“We have revised the outlook on the U.K. to negative due to our view that, even assuming additional fiscal tightening, the net general government debt burden could approach 100 percent of gross domestic product and remain near that level in the medium term,” S&P analysts led by David Beers in London, said in the report today.
The British economy, the second largest in Europe, shrank 1.9 percent in the first quarter, the biggest contraction since 1979, when Margaret Thatcher became Prime Minister, the Office for National Statistics said on April 24. Darling said in his budget the economy will slump about 3.5 percent this year, before expanding in 2010.
Government Support Slumps
Brown needs to increase borrowing to pay for rescuing banks that have reported $121 billion in credit-related losses and writedowns since the start of 2007. The government pledged 40 billion pounds to bail out lenders and hundreds of billions of pounds in loan guarantees.
Labour trailed the Conservatives by as much as 22 points this month, according to a BPIX Ltd. survey completed on May 16. Conservatives had the support of 42 percent of voters, compared with 20 percent for Labour, according to the poll, which didn’t provide a margin of error.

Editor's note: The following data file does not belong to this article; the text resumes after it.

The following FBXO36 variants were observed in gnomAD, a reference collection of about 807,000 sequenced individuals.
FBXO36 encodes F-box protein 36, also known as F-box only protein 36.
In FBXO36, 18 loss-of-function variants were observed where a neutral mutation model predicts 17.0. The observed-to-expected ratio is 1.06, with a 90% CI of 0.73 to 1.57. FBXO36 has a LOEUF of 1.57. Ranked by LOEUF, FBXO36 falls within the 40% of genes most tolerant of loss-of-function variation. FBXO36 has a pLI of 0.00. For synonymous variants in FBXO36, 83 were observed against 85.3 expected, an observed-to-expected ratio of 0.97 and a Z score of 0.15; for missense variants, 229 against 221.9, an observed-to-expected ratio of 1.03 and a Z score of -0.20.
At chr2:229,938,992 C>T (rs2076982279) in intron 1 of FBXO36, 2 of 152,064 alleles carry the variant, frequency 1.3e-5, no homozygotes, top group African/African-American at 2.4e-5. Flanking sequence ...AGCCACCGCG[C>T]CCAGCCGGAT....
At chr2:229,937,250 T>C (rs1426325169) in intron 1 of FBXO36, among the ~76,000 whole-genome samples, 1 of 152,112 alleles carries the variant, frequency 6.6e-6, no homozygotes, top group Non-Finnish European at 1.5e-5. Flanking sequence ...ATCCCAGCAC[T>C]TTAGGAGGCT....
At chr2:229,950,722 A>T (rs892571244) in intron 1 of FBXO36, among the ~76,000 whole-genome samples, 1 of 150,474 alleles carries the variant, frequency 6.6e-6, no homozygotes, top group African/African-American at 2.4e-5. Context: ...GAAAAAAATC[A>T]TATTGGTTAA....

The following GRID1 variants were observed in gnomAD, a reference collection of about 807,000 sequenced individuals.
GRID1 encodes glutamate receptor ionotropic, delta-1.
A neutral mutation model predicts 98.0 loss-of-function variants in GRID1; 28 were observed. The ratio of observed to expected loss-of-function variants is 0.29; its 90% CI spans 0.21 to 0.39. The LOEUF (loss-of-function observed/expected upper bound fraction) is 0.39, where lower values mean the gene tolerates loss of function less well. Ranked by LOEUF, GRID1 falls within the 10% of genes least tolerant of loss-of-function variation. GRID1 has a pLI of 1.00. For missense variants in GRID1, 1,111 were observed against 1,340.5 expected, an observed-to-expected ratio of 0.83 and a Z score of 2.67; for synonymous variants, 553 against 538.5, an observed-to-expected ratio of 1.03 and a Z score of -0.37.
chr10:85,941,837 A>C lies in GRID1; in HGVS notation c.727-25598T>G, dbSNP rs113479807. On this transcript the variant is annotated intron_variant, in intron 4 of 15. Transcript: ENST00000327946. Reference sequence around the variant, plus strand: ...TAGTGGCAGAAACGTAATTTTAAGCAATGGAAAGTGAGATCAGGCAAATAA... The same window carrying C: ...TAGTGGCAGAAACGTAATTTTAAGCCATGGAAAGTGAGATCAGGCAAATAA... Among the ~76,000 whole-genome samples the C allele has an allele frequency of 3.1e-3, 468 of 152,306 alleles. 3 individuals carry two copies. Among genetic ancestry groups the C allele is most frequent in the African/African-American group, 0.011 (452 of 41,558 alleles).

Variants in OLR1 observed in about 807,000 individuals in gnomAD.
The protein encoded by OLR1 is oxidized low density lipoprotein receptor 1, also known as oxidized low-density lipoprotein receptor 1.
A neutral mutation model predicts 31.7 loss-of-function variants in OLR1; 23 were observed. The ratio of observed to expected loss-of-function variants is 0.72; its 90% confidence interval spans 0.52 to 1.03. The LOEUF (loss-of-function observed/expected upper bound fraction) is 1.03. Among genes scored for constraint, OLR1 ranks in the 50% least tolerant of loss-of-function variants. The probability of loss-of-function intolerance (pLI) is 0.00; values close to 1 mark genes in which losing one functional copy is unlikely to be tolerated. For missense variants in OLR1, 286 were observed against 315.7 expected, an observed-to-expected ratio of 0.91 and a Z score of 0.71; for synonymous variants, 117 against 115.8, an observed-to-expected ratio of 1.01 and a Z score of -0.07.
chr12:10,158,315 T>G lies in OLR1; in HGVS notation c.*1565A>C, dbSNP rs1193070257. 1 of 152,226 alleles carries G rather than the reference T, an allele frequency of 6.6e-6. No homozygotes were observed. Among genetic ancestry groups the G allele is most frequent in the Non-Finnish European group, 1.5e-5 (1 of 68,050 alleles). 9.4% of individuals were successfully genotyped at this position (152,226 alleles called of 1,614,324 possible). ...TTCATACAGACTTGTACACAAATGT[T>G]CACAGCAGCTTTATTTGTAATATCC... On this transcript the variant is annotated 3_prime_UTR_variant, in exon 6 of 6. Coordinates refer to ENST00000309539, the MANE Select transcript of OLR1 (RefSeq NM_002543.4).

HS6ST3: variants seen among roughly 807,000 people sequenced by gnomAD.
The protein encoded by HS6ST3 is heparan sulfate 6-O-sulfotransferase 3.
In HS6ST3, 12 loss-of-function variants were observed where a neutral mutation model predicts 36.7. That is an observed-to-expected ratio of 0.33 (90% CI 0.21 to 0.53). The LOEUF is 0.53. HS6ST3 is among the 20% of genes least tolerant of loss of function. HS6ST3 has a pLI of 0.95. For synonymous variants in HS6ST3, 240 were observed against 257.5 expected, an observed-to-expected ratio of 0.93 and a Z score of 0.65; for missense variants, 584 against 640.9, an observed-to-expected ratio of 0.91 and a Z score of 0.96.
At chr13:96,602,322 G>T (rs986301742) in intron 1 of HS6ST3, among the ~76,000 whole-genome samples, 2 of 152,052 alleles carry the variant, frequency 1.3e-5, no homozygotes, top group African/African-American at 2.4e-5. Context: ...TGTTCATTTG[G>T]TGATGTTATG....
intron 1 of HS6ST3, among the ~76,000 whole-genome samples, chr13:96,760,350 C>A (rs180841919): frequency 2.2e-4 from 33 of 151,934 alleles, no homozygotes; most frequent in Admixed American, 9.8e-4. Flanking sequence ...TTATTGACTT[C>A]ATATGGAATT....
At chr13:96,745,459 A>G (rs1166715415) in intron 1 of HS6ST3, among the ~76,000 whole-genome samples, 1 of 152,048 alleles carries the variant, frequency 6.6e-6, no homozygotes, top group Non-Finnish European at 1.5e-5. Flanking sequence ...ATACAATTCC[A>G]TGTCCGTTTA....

Support for Brown is tumbling in the run-up to European elections on June 4 as a scandal about lawmakers’ expenses engulfs British politicians. House of Commons Speaker Michael Martin resigned two days ago, the first time that has happened since 1695.
Bank of England
The government gave the Bank of England authority to purchase as much as 150 billion pounds of assets with newly printed money in an attempt to lower borrowing costs.
Britain’s “balance sheet is deteriorating rapidly,” Moody’s analysts led by Arnaud Mares in London wrote in a report on April 23. “The government is taking risks with public finances.”
Some reports indicated the economic decline is slowing. Nationwide Building Society said April 30 house prices fell less than forecast in the month, after posting a surprise increase in March. Consumer confidence climbed to the highest level in a year during April, GfK NOP said in a report the same day.